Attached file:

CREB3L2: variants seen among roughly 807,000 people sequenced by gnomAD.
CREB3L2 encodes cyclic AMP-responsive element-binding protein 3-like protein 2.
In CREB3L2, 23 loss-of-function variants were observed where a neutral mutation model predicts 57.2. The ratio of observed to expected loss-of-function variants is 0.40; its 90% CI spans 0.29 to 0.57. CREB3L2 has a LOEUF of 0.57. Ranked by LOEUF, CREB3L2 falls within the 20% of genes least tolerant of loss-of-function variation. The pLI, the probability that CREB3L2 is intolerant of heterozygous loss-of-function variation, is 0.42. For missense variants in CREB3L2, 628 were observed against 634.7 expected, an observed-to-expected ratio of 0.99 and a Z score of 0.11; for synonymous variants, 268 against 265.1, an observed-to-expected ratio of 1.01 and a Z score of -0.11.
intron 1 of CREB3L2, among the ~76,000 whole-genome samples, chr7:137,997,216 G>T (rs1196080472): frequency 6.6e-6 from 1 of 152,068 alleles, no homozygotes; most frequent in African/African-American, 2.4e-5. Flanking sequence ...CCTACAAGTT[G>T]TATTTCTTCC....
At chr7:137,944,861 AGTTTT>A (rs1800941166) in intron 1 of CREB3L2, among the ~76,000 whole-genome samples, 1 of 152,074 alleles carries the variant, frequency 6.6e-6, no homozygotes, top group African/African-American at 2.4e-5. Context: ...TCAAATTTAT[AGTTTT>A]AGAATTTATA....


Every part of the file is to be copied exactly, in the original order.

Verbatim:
CREB3L2: variants seen among roughly 807,000 people sequenced by gnomAD.
CREB3L2 encodes cyclic AMP-responsive element-binding protein 3-like protein 2.
In CREB3L2, 23 loss-of-function variants were observed where a neutral mutation model predicts 57.2. The ratio of observed to expected loss-of-function variants is 0.40; its 90% CI spans 0.29 to 0.57. CREB3L2 has a LOEUF of 0.57. Ranked by LOEUF, CREB3L2 falls within the 20% of genes least tolerant of loss-of-function variation. The pLI, the probability that CREB3L2 is intolerant of heterozygous loss-of-function variation, is 0.42. For missense variants in CREB3L2, 628 were observed against 634.7 expected, an observed-to-expected ratio of 0.99 and a Z score of 0.11; for synonymous variants, 268 against 265.1, an observed-to-expected ratio of 1.01 and a Z score of -0.11.
intron 1 of CREB3L2, among the ~76,000 whole-genome samples, chr7:137,997,216 G>T (rs1196080472): frequency 6.6e-6 from 1 of 152,068 alleles, no homozygotes; most frequent in African/African-American, 2.4e-5. Flanking sequence ...CCTACAAGTT[G>T]TATTTCTTCC....
At chr7:137,944,861 AGTTTT>A (rs1800941166) in intron 1 of CREB3L2, among the ~76,000 whole-genome samples, 1 of 152,074 alleles carries the variant, frequency 6.6e-6, no homozygotes, top group African/African-American at 2.4e-5. Context: ...TCAAATTTAT[AGTTTT>A]AGAATTTATA....